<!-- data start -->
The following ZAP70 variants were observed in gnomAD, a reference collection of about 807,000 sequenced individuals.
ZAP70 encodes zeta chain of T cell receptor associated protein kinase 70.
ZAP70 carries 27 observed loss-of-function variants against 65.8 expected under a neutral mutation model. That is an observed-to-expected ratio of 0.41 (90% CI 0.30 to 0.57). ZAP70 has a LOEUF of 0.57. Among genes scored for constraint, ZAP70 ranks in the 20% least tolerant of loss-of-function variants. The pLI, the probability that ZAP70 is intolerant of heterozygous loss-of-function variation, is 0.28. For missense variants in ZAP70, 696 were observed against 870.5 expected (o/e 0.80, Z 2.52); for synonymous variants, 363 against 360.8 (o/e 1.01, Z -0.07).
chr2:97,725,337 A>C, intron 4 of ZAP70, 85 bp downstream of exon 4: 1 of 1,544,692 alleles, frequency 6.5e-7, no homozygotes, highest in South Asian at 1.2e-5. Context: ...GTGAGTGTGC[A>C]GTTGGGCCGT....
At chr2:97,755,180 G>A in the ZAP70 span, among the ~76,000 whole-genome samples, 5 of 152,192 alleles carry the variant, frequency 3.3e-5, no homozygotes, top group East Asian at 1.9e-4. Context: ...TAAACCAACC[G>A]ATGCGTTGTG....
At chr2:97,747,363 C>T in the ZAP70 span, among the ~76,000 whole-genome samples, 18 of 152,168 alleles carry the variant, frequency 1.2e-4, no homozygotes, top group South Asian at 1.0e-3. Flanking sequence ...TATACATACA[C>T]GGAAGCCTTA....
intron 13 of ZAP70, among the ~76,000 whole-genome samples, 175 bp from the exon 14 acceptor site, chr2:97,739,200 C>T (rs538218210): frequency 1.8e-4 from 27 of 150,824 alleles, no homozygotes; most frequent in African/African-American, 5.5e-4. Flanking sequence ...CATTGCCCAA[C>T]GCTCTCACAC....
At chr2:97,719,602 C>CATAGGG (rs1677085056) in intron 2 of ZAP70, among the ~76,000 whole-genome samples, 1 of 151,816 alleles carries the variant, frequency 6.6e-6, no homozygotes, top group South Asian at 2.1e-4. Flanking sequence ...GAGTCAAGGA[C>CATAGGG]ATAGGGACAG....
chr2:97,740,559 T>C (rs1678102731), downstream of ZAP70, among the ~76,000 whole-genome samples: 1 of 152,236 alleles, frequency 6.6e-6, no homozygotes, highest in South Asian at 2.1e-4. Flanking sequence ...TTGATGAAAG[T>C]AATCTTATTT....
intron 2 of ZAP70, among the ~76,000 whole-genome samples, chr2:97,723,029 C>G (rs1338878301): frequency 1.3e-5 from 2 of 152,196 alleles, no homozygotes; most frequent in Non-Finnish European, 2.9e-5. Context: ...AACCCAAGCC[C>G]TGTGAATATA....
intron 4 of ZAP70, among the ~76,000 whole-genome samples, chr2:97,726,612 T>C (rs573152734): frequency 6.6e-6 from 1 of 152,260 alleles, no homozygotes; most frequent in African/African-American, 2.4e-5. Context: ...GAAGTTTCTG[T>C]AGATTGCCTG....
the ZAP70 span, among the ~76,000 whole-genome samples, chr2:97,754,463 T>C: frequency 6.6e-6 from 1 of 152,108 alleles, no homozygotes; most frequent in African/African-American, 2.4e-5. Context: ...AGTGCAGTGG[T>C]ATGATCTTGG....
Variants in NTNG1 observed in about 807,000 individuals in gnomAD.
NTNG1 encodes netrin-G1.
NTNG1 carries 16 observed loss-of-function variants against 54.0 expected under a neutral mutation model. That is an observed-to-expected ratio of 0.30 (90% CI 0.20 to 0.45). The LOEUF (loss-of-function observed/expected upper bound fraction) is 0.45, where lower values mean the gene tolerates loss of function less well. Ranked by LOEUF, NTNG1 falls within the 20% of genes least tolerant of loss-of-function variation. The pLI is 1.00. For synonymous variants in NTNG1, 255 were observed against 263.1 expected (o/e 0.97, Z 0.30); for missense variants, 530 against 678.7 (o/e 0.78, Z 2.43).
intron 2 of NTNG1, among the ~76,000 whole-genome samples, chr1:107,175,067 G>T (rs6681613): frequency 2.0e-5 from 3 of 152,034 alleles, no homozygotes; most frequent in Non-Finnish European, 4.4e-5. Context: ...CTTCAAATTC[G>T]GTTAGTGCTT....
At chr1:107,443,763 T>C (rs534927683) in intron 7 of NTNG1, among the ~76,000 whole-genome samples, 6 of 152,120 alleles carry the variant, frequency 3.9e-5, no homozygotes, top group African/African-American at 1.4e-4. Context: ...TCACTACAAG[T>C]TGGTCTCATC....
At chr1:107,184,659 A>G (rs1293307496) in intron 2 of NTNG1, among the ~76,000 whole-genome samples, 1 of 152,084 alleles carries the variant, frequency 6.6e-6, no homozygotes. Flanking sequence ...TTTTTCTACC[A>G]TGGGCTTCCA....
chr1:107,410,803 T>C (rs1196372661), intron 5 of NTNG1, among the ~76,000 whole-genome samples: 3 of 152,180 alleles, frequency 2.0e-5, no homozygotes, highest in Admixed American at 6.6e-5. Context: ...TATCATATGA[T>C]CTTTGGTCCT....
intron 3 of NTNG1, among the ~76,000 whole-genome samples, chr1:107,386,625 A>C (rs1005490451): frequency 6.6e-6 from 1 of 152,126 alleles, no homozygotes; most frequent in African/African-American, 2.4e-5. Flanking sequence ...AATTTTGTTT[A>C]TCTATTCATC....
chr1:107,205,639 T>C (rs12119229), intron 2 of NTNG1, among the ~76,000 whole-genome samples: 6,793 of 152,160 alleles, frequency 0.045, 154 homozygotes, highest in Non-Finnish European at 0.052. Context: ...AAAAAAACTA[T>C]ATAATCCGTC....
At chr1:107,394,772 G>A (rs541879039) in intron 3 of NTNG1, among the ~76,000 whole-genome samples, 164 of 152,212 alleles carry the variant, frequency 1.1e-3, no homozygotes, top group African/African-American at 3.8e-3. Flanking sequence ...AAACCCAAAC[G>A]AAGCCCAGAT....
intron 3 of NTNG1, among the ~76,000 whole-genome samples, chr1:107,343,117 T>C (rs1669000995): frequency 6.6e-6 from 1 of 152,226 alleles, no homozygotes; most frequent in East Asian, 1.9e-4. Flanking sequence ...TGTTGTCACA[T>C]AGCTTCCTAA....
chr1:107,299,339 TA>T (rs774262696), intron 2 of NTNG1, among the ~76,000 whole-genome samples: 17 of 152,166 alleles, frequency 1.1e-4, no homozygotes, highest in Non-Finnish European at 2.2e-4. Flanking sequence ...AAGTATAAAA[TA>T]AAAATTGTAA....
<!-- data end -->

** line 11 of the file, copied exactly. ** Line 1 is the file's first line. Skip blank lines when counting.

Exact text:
intron 4 of ZAP70, among the ~76,000 whole-genome samples, chr2:97,726,612 T>C (rs573152734): frequency 6.6e-6 from 1 of 152,260 alleles, no homozygotes; most frequent in African/African-American, 2.4e-5. Context: ...GAAGTTTCTG[T>C]AGATTGCCTG....